Everything You Need to Know About the Texas Power Grid
With the recent massive power outages in Texas, concerned citizens are eager for more information about why Texas has its own power grid.
2021 is a year for firsts, and massive amounts of snow in Texas is definitely a first. Or at least it's something that hasn't happened in a long time. With millions out of power as Texas grapples against record low temperatures, concerned citizens have been curious as to why Texas has its own power grid.
Why does Texas have its own power grid?
An article from USA Today sums it up nicely. Three grids power the whole United States: the Eastern Interconnection, the Western Interconnection, and Texas. The Texas grid is called ERCOT, which stands for Electric Reliability Council of Texas. ERCOT does not cover all of Texas; El Paso, the upper Panhandle, and a chunk of East Texas are not included.
The breakaway from the rest of the states began in 1882, following Thomas Edison putting the country's first power plant in Manhattan. Smaller generating plants appeared across Texas, bringing electric light to cities everywhere. During World War I, individual utilities began to link themselves together.
Smaller, more regional plants in Texas limited options during World War II when the war effort needed large amounts of power. Creating connections enabled power to flow from all over Texas to where it was needed most. (For example, it allowed them to send extra electricity to support the ramped-up factories aiding the war effort.) That grid became the Texas Interconnected System.
Two separate entities united the Texas Interconnected System under another priority: staying out of the reach of the federal government. President Franklin D. Roosevelt signed the Federal Power Act in 1935, which ensured that the government oversaw interstate electricity sales versus individual electricity management. By not crossing state lines, Texas utilities avoided being subjected to federal rules.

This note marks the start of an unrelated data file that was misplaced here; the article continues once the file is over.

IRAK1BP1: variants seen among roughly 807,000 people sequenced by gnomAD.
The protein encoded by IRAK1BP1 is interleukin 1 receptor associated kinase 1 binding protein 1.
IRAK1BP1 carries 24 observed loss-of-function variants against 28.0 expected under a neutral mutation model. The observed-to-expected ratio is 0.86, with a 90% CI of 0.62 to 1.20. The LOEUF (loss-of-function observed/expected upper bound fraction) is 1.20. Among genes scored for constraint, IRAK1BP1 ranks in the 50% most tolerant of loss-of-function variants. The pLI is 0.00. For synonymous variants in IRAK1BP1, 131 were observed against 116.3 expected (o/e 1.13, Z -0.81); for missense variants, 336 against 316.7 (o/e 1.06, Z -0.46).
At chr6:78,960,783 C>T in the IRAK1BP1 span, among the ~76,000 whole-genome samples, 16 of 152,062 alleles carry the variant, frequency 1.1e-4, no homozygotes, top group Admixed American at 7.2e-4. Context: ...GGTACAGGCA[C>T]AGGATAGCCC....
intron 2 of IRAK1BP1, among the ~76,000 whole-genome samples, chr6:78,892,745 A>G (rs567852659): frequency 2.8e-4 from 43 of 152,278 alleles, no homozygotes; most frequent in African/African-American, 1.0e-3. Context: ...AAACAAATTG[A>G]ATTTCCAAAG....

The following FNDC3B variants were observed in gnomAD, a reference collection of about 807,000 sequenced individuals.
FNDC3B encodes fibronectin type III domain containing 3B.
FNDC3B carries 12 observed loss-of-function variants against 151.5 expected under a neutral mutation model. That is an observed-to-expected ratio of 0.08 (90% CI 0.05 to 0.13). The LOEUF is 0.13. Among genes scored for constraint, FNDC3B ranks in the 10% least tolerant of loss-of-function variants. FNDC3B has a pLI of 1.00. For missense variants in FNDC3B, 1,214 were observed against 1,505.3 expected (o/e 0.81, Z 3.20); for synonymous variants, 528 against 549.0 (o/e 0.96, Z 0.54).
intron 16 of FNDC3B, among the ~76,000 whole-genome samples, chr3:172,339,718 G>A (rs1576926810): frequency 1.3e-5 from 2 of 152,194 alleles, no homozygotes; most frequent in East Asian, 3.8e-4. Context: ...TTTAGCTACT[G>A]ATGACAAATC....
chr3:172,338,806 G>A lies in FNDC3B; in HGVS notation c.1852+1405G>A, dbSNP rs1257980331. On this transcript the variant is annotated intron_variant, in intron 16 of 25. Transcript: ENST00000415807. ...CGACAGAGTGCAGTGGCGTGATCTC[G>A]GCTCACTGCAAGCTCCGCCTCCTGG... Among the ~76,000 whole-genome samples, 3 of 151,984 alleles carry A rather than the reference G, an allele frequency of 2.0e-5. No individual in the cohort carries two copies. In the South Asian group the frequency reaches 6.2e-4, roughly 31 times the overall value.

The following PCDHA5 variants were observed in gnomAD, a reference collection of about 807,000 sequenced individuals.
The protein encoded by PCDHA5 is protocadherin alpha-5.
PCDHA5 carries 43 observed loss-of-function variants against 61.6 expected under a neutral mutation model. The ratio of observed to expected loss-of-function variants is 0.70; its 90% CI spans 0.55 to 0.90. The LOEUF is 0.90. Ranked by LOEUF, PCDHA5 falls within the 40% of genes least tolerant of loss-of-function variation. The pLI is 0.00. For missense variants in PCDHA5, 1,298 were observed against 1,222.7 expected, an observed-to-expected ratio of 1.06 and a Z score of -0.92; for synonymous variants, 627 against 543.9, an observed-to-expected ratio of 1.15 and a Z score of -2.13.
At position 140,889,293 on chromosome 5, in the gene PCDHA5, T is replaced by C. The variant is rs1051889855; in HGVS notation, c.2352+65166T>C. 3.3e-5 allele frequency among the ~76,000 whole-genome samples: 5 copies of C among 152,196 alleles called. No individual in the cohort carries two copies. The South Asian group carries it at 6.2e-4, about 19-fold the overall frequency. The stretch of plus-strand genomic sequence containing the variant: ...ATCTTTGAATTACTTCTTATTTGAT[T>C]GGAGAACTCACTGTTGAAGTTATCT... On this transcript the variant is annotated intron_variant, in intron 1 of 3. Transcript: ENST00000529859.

Following a damaging blackout in the Northeast in 1965, ERCOT was formed in 1970 to prevent something similar from happening to Texas. ERCOT has to follow national reliability standards but ultimately doesn't have to adhere to the Federal Energy Regulatory Commission at all.
ERCOT now manages the majority of the state's power for over 26 million customers. Frustrated Texas citizens have wondered why ERCOT didn't prepare for this sooner, despite insistence from ERCOT President Bill Magness that they began preparation a week in advance of the storm. "The grid began preparing for the storm a week ahead of time, but it reached a breaking point early Monday as conditions worsened and knocked power plants offline," Magness said.
What does this mean for the future of Texas?
Magness also told USA Today, "Some wind turbine generators were iced, but nearly twice as much power was wiped out at natural gas and coal plants. Forcing controlled outages was the only way to avert an even more dire blackout in Texas." This blackout has been very dangerous, and not only are residents freezing within their homes, but many are also attempting dangerous methods to keep warm.
Governor Greg Abbott has called the situation "unacceptable" and said he intends to add an emergency item to the state's legislative session about reforming ERCOT. We hope the situation is resolved quickly and effectively to prevent further harm to the citizens of Texas!